The Black Swan: The Impact Of The Highly Improbable
Nassim Nicholas Taleb
Discovering America in the 1970s meant discovering the Big Issue book, a kind we still don’t really do here; the big-idea, non-fiction book about the modern world – ideally one with business implications – that will put its author on the cover of Time and onto the major lecture circuit.
Such books were piled high in the lovely cathedral bookstores of 5th Avenue then and they sold like mad (still do), so let no-one accuse Americans of neglecting the life of the mind. I called them ‘worry books’ at the time, because they were usually written by Eastern intellectuals who were fretful about the way things were going in America.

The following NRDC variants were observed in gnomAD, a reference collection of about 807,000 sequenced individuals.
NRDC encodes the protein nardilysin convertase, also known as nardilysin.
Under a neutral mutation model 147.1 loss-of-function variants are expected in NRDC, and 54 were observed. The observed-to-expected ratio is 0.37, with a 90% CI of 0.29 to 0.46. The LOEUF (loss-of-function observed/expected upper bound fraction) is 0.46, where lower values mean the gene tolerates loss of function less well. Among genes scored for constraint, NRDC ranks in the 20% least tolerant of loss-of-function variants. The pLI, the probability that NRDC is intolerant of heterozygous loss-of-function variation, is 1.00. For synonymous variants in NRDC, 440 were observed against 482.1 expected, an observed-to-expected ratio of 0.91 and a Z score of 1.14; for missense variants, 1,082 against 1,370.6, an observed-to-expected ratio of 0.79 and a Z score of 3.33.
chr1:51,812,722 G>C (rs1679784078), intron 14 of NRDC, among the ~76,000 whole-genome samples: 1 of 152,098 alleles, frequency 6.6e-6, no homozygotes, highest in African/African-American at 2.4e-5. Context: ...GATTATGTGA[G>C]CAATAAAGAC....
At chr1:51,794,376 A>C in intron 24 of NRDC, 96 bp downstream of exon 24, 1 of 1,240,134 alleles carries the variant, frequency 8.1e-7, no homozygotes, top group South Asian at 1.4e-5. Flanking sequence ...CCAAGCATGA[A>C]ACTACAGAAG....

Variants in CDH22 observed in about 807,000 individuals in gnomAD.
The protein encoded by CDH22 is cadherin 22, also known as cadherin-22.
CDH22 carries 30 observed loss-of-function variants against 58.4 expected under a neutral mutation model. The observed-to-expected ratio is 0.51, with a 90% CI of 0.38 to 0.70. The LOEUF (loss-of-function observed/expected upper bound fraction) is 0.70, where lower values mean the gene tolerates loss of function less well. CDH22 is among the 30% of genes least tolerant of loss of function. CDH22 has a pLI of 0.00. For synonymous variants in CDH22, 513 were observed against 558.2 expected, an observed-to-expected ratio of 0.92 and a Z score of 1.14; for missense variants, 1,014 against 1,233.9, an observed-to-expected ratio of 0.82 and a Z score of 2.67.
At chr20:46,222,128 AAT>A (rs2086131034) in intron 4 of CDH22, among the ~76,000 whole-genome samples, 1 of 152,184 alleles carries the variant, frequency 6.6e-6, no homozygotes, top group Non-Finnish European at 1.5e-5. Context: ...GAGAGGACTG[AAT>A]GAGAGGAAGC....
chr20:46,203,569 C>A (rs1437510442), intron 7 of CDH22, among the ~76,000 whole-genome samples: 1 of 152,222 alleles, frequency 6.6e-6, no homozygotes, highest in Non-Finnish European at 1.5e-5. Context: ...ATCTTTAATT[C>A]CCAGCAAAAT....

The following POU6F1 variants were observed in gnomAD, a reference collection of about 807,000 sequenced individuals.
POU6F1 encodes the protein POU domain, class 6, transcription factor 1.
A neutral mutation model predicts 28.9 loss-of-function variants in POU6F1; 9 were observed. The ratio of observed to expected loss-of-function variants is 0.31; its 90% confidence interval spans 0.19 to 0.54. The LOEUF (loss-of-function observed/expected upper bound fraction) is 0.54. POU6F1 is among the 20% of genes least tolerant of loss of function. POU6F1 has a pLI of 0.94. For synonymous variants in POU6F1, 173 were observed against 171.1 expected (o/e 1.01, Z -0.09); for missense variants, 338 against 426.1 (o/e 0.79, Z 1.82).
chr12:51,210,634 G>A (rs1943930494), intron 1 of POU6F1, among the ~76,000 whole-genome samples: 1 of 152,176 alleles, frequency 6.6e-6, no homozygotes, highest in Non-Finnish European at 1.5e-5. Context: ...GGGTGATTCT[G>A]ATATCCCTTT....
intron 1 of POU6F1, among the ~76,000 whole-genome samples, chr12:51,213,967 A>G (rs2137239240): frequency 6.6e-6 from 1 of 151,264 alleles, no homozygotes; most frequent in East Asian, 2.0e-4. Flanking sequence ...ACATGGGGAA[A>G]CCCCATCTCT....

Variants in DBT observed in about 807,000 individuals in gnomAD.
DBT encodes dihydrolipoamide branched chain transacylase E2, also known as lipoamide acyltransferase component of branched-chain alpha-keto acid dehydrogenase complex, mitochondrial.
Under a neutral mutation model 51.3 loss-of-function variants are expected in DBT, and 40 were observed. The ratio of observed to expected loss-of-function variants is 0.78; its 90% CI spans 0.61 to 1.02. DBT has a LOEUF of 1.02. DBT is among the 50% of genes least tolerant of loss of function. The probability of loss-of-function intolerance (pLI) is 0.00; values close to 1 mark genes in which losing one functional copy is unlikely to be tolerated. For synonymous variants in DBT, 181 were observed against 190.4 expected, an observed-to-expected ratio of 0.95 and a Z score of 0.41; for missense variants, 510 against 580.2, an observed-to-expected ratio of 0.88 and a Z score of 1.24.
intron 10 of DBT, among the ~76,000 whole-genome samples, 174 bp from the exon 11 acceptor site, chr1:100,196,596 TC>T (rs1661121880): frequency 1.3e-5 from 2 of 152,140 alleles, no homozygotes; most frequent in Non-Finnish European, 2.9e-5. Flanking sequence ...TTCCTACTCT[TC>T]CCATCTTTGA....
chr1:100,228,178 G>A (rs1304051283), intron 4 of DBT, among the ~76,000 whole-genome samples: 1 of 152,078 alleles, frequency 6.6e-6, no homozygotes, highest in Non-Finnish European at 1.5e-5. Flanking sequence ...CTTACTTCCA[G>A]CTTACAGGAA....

I bought armfuls of them to take home, not least to feel up with big things. I particularly remember Christopher Lasch’s The Culture of Narcissism, which was about the emerging US religion of the self winning out against the hard-fought decent compromises between the private and public realms of earlier 20th-century America. And now in the 21st century, I’m a sucker for anything by Thomas Frank, who’s completely compelling – and credible – about America’s rightward swing.
But I’ve become very cynical about the category itself. These books – and the more ‘high concept’ the title and the idea, the more so – often fuel the organised wank-fests and circle-jerks of commercial and institutional conferencing and long-term planning. People on that circuit – the HR chiefs, change consultants, commercial seers and so forth – love this kind of book because it gives them something to talk about, and refreshes the business of well-paid predictable prediction.